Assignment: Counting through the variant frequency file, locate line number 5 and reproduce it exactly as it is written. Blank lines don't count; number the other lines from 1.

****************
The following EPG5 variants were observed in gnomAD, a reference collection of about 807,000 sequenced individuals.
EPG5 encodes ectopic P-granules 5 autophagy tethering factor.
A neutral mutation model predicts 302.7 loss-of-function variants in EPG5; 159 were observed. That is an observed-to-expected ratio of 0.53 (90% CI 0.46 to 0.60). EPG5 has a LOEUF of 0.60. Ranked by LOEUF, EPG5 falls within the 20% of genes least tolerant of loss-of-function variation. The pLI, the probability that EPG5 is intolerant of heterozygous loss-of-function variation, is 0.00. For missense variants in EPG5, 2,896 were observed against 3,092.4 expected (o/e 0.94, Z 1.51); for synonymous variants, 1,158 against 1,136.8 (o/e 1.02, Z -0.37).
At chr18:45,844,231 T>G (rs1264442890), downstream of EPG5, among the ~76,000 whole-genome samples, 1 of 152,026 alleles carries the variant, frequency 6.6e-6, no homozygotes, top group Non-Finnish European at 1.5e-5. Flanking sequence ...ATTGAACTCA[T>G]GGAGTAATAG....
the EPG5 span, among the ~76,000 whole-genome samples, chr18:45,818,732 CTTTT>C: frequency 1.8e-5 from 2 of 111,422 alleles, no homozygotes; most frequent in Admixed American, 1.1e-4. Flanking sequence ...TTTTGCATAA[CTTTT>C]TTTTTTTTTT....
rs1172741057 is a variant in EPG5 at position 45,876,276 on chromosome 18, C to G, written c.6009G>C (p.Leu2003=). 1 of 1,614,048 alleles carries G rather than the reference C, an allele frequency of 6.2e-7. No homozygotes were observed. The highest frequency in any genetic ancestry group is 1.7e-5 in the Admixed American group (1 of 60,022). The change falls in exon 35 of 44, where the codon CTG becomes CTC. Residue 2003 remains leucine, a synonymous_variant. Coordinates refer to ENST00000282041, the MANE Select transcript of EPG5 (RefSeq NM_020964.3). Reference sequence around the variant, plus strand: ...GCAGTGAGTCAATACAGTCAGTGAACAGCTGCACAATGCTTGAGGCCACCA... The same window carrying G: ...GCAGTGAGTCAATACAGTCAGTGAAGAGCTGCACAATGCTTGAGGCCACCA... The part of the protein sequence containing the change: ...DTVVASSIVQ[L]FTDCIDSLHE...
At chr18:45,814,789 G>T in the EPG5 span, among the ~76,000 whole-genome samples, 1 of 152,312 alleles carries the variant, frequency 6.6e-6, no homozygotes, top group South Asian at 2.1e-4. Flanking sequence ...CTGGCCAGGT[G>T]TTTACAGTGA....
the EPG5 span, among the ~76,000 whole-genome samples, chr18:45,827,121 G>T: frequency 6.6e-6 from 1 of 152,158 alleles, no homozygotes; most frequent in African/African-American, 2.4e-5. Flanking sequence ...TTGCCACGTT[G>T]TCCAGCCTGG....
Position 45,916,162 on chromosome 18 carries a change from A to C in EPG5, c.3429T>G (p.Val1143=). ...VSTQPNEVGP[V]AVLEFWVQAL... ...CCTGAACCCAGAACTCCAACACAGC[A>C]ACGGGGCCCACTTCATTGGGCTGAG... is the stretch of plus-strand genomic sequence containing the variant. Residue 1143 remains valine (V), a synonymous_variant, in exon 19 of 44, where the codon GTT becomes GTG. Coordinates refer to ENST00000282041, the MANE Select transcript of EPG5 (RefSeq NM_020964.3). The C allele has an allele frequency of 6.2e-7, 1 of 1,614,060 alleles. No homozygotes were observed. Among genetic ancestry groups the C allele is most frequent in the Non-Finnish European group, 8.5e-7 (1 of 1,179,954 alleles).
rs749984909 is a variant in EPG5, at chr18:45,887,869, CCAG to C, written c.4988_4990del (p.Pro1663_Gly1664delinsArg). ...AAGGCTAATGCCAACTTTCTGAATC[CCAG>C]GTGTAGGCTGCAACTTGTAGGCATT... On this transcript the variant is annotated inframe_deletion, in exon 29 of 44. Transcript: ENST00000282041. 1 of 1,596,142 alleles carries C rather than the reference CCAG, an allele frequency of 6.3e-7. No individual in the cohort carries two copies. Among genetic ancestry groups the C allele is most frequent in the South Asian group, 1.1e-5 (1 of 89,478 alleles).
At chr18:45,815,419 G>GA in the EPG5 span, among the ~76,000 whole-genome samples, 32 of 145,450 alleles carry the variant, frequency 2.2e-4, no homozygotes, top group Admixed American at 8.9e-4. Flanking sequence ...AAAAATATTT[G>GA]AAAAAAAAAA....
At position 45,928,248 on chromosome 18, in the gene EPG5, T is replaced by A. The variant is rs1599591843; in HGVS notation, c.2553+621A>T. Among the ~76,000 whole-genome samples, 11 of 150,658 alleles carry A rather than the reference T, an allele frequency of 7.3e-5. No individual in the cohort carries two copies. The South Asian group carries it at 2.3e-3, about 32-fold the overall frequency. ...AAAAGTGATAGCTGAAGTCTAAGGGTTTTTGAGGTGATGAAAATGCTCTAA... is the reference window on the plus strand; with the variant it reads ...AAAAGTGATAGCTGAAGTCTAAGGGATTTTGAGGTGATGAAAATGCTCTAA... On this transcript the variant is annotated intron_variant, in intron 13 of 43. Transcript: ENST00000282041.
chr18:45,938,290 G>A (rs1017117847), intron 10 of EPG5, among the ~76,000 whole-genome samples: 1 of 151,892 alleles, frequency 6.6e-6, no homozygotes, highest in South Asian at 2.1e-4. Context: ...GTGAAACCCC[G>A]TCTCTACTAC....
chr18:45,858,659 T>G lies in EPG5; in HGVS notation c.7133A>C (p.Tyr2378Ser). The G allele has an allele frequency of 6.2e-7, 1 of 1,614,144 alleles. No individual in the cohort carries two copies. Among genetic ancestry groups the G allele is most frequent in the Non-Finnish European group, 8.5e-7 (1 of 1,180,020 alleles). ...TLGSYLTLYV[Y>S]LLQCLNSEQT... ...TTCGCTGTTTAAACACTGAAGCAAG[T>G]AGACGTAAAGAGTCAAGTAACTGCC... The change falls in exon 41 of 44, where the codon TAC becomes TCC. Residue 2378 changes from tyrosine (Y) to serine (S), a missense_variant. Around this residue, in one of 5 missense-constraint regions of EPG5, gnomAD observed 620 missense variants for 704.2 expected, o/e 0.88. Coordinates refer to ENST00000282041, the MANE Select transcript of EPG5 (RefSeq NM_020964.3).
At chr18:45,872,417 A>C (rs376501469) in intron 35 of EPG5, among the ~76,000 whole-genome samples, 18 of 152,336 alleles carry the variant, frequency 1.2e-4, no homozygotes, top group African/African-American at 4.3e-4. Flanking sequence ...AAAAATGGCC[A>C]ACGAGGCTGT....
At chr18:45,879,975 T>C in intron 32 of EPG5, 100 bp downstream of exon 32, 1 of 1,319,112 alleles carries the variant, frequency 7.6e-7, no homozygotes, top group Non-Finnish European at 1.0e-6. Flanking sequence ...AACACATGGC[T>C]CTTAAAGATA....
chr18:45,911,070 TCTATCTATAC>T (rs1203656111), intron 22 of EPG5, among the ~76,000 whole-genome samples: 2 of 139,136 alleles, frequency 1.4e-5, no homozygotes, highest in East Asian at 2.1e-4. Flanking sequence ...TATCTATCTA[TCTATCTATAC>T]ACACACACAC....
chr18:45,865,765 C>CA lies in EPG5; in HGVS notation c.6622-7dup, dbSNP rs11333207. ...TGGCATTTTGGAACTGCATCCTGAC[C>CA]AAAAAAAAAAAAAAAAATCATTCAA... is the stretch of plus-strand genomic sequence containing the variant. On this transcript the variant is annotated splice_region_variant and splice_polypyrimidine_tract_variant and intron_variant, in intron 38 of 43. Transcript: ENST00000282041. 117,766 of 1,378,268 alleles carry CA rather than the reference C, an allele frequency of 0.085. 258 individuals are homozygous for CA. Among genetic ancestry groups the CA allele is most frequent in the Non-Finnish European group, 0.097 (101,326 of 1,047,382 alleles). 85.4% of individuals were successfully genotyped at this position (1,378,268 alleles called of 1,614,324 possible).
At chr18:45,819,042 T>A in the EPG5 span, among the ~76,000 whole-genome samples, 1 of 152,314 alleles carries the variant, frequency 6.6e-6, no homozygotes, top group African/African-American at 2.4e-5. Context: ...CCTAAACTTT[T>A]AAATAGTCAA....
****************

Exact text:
the EPG5 span, among the ~76,000 whole-genome samples, chr18:45,818,732 CTTTT>C: frequency 1.8e-5 from 2 of 111,422 alleles, no homozygotes; most frequent in Admixed American, 1.1e-4. Flanking sequence ...TTTTGCATAA[CTTTT>C]TTTTTTTTTT....